The subsequent history of Monophysite doctrine in the Eastern Church is the history of national and independent churches (e.g., the Syrian Jacobites) that, either for reasons of reverence for some religious leader or as a reaction against the dominance of the Byzantine or Roman churches, retained a separate existence.

      The text of Eutyches' trial and related correspondence appear in E. Schwartz's monograph Der Prozess des Eutyches (1929; “The Trial of Eutyches”). Reference to his trial is in R.V. Sellers' The Council of Chalcedon (1953).

* * *

Universalium. 2010.

Игры ⚽ Поможем сделать НИР

Look at other dictionaries:

  • Eutyches — • An heresiarch of the fifth century Catholic Encyclopedia. Kevin Knight. 2006. Eutyches     Eutyches     † …   Catholic encyclopedia

  • Eutyches — ( c. 380 c. 456) was a presbyter and archimandrite at Constantinople. He first came to notice in 431 at the council of Ephesus, for his vehement opposition to the teachings of Nestorius; his condemnation of Nestorianism as heresy precipitated his …   Wikipedia

  • EUTYCHÈS — ou EUTUKHÈS (370 env. apr. 454) Moine de Constantinople, condamné comme hérétique et mort en exil, Eutychès se veut adversaire du nestorianisme condamné à Éphèse en 431 et il défend la théologie alexandrine de Cyrille, qui insiste sur la réalité… …   Encyclopédie Universelle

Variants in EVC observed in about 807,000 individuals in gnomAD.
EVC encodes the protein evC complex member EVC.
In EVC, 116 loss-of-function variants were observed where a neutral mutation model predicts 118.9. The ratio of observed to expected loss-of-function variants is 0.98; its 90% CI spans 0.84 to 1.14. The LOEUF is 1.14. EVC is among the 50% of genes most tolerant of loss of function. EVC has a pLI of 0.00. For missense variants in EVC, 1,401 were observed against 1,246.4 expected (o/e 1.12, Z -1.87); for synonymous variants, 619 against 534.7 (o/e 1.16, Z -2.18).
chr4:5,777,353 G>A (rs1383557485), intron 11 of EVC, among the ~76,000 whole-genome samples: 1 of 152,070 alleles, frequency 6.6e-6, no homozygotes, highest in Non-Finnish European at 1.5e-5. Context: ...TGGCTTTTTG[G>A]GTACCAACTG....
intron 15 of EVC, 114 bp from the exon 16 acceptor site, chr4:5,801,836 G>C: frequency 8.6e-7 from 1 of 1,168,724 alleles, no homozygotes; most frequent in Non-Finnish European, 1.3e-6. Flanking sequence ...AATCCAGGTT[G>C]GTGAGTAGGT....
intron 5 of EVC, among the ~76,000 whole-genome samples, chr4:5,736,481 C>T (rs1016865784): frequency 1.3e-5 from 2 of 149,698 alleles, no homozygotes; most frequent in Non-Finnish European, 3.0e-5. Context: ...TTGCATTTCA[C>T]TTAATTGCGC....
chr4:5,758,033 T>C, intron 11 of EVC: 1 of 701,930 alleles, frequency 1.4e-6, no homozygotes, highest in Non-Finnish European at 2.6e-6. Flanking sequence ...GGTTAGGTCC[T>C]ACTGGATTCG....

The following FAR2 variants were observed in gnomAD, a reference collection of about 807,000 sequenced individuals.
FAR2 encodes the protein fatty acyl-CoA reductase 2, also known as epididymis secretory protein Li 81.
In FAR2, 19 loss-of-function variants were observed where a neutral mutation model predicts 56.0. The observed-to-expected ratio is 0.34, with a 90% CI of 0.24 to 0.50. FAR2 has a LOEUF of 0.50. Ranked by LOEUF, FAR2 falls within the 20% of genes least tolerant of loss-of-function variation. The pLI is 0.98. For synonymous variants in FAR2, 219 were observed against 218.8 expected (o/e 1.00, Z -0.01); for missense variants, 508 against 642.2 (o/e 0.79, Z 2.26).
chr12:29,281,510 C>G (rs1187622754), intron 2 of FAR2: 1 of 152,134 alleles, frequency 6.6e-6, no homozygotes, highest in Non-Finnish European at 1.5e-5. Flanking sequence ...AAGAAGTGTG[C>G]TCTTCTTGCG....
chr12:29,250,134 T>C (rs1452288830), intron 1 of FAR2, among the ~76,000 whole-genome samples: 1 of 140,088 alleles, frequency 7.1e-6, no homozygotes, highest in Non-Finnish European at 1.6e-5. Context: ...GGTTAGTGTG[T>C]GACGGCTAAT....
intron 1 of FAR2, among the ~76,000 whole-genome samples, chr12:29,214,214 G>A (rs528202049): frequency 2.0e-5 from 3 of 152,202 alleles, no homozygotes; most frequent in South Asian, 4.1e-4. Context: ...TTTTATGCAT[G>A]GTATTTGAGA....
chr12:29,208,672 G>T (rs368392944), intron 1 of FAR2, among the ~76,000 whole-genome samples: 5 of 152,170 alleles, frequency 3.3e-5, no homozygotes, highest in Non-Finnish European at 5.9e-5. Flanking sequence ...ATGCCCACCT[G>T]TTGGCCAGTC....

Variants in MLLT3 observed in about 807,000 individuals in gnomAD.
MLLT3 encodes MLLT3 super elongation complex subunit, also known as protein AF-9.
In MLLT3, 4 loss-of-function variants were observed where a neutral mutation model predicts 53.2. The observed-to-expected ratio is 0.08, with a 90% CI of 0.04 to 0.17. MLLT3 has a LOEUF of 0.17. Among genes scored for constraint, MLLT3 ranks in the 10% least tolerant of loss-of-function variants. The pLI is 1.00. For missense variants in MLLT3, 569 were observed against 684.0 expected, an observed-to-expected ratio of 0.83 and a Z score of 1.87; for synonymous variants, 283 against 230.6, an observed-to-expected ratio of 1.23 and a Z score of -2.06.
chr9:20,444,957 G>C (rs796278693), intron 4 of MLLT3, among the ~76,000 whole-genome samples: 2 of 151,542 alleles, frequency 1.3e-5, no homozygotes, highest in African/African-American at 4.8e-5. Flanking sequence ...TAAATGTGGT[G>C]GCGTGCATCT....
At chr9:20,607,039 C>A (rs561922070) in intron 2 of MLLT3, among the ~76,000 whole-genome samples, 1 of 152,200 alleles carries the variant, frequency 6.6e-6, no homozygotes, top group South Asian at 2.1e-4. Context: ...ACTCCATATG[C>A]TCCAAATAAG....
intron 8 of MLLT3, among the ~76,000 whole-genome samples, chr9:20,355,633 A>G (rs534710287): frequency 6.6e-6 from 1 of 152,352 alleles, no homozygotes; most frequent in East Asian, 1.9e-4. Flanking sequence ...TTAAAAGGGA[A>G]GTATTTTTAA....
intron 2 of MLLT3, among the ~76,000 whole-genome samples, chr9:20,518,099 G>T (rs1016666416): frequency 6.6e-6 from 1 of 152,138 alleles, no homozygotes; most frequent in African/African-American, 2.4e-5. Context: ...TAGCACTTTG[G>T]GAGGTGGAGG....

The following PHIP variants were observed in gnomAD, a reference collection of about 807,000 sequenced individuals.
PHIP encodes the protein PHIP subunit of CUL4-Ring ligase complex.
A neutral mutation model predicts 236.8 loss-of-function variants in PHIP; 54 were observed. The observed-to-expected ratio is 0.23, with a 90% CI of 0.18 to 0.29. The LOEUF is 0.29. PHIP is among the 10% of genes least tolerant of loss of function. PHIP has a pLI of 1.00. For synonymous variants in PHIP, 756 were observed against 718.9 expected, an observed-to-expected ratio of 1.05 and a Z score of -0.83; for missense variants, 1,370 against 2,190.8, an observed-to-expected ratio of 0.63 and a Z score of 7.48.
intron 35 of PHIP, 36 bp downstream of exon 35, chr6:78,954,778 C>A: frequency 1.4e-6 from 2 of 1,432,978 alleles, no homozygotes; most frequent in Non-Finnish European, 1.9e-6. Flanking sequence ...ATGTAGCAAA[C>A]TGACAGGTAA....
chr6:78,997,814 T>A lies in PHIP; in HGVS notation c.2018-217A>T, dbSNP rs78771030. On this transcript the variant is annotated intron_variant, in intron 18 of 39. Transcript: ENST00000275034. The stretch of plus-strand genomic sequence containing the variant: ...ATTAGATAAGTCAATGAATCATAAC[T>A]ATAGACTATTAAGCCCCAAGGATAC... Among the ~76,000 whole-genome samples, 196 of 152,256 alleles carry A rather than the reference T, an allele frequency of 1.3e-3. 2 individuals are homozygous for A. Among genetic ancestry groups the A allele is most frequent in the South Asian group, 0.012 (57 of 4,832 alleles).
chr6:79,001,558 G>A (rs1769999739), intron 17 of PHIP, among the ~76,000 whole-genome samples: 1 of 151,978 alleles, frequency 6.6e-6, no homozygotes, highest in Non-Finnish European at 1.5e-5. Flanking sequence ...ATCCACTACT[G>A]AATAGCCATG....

• Eutyches — (* um 378 in Konstantinopel; † nach 454) war der Begründer des Monophysitismus. In einem übereifrigen Antinestorianismus griff Eutyches die Formel von der „einen Physis des fleischgewordenen Logos“ wieder auf. Er sagte, dass die Menschheit… …   Deutsch Wikipedia

  • Eutyches — Eutyches, 1) Archimandrit eines Klosters in Constantinopel, Gegner des Nestorius, behauptete, daß alles Menschliche im göttlichen Wesen Christi aufgegangen u. mit demselben zu einer Natur geworden sei; er wurde deshalb bei dem Bischof Flavianus… …   Pierer's Universal-Lexikon

  • Eutyches — Eutyches, s. Eutychianischer Streit …   Meyers Großes Konversations-Lexikon

  • Eutyches — Eutyches, Abt eines Klosters bei Constantinopel, wurde 70jährig als Gegner des Nestorius zum Häretiker, indem er lehrte: »Bei Christus sei nach der Geburt die menschliche Natur ganz in die göttliche aufgegangen, letztere habe für uns gelitten und …   Herders Conversations-Lexikon

  • Eutyches — Eutyches,   Archimandrit eines Klosters in der Nähe von Konstantinopel, * Konstantinopel um 378, ✝ nach 454; Gegner des Nestorius; behauptete unter Berufung auf Kyrill von Alexandria, dass Christus nach der Fleischwerdung nur noch eine… …   Universal-Lexikon

  • EUTYCHES — CP. Abbas, contra Nestorium pugnans, in novam haeresin impegit, et tertius post Manetem et Apollinarem, alium affirmavit esse Christum, aliud verbum Dei; Negavitqueve Christi carnem nostrae similem, nec duas in eodem supposito naturas esse, sed… …   Hofmann J. Lexicon universale

  • Eutychès — Pour les articles homonymes, voir Eutychius. Eutychès ou Eutukhès, mort vers 454, était une personnalité du christianisme ancien. Farouchement opposé au nestorianisme, proche de Chrysaphios, l influent eunuque de Théodose II, sa doctrine s… …   Wikipédia en Français

Share the article and excerpts

Direct link
Do a right-click on the link above
and select “Copy Link”